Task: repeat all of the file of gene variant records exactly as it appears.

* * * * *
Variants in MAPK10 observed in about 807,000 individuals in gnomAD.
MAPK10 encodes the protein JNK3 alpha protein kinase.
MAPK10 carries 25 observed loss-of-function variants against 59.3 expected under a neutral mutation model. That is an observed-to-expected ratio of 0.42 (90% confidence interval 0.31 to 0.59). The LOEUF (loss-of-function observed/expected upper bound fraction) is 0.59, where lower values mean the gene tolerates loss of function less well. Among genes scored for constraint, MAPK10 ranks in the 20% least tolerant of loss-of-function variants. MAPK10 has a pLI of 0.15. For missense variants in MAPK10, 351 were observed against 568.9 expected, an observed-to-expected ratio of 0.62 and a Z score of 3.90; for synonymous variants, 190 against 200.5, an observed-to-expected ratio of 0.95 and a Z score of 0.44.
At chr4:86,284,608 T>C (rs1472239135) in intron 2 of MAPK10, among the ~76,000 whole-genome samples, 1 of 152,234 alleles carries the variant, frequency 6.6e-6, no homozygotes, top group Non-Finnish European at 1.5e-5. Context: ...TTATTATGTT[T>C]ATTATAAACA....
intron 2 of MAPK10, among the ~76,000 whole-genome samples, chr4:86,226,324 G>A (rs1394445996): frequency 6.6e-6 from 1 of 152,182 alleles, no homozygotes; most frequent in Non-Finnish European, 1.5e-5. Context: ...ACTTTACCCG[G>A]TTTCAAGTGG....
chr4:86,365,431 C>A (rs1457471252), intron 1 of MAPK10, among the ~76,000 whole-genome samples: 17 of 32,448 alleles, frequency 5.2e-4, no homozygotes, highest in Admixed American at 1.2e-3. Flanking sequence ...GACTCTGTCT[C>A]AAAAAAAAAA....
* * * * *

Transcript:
Variants in MAPK10 observed in about 807,000 individuals in gnomAD.
MAPK10 encodes the protein JNK3 alpha protein kinase.
MAPK10 carries 25 observed loss-of-function variants against 59.3 expected under a neutral mutation model. That is an observed-to-expected ratio of 0.42 (90% confidence interval 0.31 to 0.59). The LOEUF (loss-of-function observed/expected upper bound fraction) is 0.59, where lower values mean the gene tolerates loss of function less well. Among genes scored for constraint, MAPK10 ranks in the 20% least tolerant of loss-of-function variants. MAPK10 has a pLI of 0.15. For missense variants in MAPK10, 351 were observed against 568.9 expected, an observed-to-expected ratio of 0.62 and a Z score of 3.90; for synonymous variants, 190 against 200.5, an observed-to-expected ratio of 0.95 and a Z score of 0.44.
At chr4:86,284,608 T>C (rs1472239135) in intron 2 of MAPK10, among the ~76,000 whole-genome samples, 1 of 152,234 alleles carries the variant, frequency 6.6e-6, no homozygotes, top group Non-Finnish European at 1.5e-5. Context: ...TTATTATGTT[T>C]ATTATAAACA....
intron 2 of MAPK10, among the ~76,000 whole-genome samples, chr4:86,226,324 G>A (rs1394445996): frequency 6.6e-6 from 1 of 152,182 alleles, no homozygotes; most frequent in Non-Finnish European, 1.5e-5. Context: ...ACTTTACCCG[G>A]TTTCAAGTGG....
chr4:86,365,431 C>A (rs1457471252), intron 1 of MAPK10, among the ~76,000 whole-genome samples: 17 of 32,448 alleles, frequency 5.2e-4, no homozygotes, highest in Admixed American at 1.2e-3. Flanking sequence ...GACTCTGTCT[C>A]AAAAAAAAAA....